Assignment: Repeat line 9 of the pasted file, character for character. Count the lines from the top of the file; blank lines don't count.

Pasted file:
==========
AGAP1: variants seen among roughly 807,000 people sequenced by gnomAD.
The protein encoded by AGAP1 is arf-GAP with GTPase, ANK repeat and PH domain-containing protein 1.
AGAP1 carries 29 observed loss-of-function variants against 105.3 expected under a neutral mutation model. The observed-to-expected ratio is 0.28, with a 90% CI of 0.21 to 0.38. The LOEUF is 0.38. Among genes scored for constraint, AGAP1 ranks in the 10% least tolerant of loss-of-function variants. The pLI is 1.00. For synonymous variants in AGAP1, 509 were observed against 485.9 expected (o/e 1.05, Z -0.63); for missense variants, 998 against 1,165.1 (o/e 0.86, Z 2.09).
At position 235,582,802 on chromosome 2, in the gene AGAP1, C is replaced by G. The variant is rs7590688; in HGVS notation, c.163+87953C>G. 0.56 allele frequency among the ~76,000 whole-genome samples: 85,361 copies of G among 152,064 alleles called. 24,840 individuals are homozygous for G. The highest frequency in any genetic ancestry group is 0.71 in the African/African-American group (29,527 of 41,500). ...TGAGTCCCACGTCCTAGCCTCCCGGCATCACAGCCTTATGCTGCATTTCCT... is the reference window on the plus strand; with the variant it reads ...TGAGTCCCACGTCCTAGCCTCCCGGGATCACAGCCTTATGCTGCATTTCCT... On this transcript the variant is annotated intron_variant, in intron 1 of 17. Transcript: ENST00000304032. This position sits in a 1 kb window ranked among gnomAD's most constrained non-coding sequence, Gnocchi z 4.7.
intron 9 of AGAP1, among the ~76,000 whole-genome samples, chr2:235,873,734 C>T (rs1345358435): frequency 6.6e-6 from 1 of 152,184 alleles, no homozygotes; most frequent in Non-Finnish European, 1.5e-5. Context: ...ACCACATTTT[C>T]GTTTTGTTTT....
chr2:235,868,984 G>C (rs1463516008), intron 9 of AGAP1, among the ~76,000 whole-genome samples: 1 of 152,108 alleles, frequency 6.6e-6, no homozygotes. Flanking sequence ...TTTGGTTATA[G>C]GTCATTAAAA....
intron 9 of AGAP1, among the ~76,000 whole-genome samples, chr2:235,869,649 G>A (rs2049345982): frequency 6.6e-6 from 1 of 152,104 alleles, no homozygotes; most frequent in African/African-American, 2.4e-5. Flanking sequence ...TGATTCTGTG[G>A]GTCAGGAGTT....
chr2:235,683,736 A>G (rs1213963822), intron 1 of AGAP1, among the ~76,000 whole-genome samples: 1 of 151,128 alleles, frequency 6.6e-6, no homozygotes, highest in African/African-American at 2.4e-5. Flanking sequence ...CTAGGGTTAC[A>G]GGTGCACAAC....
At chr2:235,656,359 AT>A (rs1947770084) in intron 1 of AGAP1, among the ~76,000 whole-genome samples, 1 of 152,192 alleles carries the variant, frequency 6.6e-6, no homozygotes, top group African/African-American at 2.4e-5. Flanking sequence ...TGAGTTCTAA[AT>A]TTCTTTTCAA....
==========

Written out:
At chr2:235,656,359 AT>A (rs1947770084) in intron 1 of AGAP1, among the ~76,000 whole-genome samples, 1 of 152,192 alleles carries the variant, frequency 6.6e-6, no homozygotes, top group African/African-American at 2.4e-5. Flanking sequence ...TGAGTTCTAA[AT>A]TTCTTTTCAA....